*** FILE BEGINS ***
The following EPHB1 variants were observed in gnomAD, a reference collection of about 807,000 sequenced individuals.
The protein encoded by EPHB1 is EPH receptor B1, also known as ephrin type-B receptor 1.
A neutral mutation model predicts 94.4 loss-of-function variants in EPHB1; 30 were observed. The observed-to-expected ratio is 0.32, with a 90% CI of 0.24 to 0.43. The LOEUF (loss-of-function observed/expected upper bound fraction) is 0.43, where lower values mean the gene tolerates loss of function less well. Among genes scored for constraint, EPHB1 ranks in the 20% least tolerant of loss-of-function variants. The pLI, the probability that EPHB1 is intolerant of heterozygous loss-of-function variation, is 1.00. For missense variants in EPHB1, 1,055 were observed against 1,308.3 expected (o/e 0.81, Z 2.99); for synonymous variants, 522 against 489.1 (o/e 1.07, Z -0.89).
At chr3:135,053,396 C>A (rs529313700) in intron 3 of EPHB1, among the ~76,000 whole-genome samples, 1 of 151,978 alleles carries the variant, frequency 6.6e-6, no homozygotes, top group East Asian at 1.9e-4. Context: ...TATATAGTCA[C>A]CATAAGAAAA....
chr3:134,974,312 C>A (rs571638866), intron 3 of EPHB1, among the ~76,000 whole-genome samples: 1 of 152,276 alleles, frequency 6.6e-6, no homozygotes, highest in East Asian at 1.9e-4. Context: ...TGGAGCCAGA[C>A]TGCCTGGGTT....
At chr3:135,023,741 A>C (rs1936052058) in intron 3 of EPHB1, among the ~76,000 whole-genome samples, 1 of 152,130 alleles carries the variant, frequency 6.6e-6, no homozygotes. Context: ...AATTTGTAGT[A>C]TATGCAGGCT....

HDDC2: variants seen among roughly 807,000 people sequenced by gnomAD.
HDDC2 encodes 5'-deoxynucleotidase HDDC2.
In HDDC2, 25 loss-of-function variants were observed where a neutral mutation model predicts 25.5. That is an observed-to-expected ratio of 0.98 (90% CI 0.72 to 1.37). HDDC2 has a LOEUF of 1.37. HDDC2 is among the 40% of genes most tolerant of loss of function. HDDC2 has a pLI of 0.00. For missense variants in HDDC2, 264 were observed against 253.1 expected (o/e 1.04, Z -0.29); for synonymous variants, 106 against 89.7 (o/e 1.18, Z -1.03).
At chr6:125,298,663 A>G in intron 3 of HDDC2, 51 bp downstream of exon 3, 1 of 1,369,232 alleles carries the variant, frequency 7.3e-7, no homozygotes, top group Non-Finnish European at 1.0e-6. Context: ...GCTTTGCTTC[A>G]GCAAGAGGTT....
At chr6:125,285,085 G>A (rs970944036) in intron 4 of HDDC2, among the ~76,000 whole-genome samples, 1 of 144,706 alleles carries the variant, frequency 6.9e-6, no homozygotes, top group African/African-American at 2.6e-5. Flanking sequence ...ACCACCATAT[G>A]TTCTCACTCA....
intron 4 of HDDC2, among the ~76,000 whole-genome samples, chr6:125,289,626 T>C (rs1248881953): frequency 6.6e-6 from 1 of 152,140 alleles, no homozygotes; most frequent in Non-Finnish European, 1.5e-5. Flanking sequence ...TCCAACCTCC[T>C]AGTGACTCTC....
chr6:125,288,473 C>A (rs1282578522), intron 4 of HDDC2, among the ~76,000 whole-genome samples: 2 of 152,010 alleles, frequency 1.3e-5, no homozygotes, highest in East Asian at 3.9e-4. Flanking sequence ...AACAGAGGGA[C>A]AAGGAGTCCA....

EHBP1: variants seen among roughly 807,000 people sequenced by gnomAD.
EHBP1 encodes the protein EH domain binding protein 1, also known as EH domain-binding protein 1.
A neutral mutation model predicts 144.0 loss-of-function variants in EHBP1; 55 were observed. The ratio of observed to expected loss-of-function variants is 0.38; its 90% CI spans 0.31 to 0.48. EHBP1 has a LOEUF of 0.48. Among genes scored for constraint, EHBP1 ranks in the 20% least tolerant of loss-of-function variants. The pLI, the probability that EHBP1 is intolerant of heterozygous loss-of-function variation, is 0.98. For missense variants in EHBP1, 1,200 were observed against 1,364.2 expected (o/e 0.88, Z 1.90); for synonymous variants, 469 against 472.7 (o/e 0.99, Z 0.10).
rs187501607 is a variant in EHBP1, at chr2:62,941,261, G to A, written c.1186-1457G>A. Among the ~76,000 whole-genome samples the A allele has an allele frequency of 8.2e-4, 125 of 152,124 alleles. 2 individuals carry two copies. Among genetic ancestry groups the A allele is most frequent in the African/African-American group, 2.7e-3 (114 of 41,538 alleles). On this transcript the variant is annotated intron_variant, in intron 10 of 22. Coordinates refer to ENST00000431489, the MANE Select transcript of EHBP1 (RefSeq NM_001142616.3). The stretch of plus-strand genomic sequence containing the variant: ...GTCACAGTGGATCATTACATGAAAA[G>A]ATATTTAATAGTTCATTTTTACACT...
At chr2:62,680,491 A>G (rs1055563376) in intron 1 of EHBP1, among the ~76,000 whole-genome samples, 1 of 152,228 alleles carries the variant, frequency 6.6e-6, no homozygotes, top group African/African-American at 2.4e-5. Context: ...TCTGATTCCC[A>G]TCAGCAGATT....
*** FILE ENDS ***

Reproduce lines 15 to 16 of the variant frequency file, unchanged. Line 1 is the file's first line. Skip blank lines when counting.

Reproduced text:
EHBP1 encodes the protein EH domain binding protein 1, also known as EH domain-binding protein 1.
A neutral mutation model predicts 144.0 loss-of-function variants in EHBP1; 55 were observed. The ratio of observed to expected loss-of-function variants is 0.38; its 90% CI spans 0.31 to 0.48. EHBP1 has a LOEUF of 0.48. Among genes scored for constraint, EHBP1 ranks in the 20% least tolerant of loss-of-function variants. The pLI, the probability that EHBP1 is intolerant of heterozygous loss-of-function variation, is 0.98. For missense variants in EHBP1, 1,200 were observed against 1,364.2 expected (o/e 0.88, Z 1.90); for synonymous variants, 469 against 472.7 (o/e 0.99, Z 0.10).